There was a period of many months when my standard answer to, “What good books have you read lately?” was a simple three-word response: The Kite Runner. Even after I had long since read it, making it not a “lately” book at all, I’d still come back with the same answer.
I’ve tried to distinguish what moved me so much as a reader that I’d be so enamored of a book set in war-torn Afghanistan, told from the point of view of a man, and that was so desperately sad in places. I can only say Khaled Hosseini paints humanity in such simple, eloquent strokes, if you’re human, you can’t escape being drawn in: hook, line and sinker.
So I was fairly anxious to get my hands on A Thousand Splendid Suns, Hosseini’s newest title, released just last month. My mom, an avid reader like me, got a copy the day it released and had it with her on the plane as we traveled together to my son’s graduation. Airline attendants would walk by, see the cover in her hands, and say something like, “Oooh! You’ve got it! When did you get it? Have you started it?” And for several minutes there was no talk of cabin service or $1 earphones or locating the exit nearest you, just chatter about The Kite Runner and the new book, A Thousand Splendid Suns.
Mom finished the book a few days later and handed it over to me, beaming. I tried to finish the book I’d started while waiting for this one. I couldn’t do it. I set it aside after only a day and packed my bags for Afghanistan.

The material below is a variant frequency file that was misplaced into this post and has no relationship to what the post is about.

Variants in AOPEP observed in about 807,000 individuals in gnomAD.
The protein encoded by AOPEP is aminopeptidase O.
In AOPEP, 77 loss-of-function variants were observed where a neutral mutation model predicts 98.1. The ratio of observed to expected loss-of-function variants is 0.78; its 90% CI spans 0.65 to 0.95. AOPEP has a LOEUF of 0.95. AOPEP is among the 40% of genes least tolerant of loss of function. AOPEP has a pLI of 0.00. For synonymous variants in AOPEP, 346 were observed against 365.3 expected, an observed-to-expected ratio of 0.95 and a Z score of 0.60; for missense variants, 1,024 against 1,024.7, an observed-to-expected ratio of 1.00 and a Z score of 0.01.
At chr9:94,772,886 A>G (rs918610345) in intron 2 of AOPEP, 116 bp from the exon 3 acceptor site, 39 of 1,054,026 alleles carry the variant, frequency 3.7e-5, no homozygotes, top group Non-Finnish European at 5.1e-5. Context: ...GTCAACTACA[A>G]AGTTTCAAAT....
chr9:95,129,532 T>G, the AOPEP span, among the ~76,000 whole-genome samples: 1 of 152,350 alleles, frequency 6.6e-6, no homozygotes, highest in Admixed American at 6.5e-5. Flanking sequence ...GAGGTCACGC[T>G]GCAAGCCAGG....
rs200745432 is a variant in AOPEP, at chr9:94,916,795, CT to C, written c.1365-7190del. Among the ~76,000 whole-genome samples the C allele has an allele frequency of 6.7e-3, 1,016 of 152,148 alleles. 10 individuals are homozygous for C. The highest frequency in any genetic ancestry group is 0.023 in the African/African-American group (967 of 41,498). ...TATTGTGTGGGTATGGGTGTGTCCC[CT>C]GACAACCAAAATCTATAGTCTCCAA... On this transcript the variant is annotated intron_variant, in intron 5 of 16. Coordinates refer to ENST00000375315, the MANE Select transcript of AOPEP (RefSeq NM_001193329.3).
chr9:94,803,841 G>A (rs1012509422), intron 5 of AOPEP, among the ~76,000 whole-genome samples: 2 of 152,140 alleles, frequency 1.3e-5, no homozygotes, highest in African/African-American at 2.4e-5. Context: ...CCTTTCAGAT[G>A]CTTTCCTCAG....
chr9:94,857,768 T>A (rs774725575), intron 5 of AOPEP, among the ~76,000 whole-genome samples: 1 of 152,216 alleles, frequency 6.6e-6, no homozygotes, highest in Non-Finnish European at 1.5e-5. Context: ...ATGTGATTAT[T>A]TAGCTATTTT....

It was a trip I won’t soon forget.
As in The Kite Runner, Hosseini holds nothing back just because it’s ugly. War, civil unrest, terrorism, misogyny, hatred, fear, despondency — these aren’t pretty. But the world in which Hosseini’s characters are placed is the real world, not some made-up land where nothing ever seems to go right. I think that’s what grabs me in the tales Hosseini weaves: their realism. It’s easy to care about people who seem real. And that’s the hallmark of a great fiction writer: the ability to develop characters the reader cares about deeply. Passionately. Because they become real to you.
Splendid Suns chronicles the lives of two women, beginning with their separate childhood years and ending when their lives have been entwined with the unforgettable bonds of suffering and sacrifice. The setting, Afghanistan, is a character unto itself, as it was in The Kite Runner. It is like this impassive entity that refuses to intervene when it seems it should. “Make it stop!” I found myself saying to this faceless character, often. I could almost hear it saying back to me, “You make it stop,” which was of course impossible. This powerlessness was frustrating to me as the reader, but expertly used to the story’s advantage. I felt the powerlessness of the characters to change their circumstances. Even when they tried, they could not change them. I tasted this powerlessness on every page.
This doesn’t mean there weren’t moments of tender beauty and grace in Splendid Suns. There were. That’s what kept me reading. And the ending is particularly satisfying. But like its older brother, A Thousand Splendid Suns is the kind of book that clings. Haunts. Permeates. Indwells. I long to write a book that would do the same.
I have a new answer to the question, “What good books have you read lately?” It is now a four-word answer.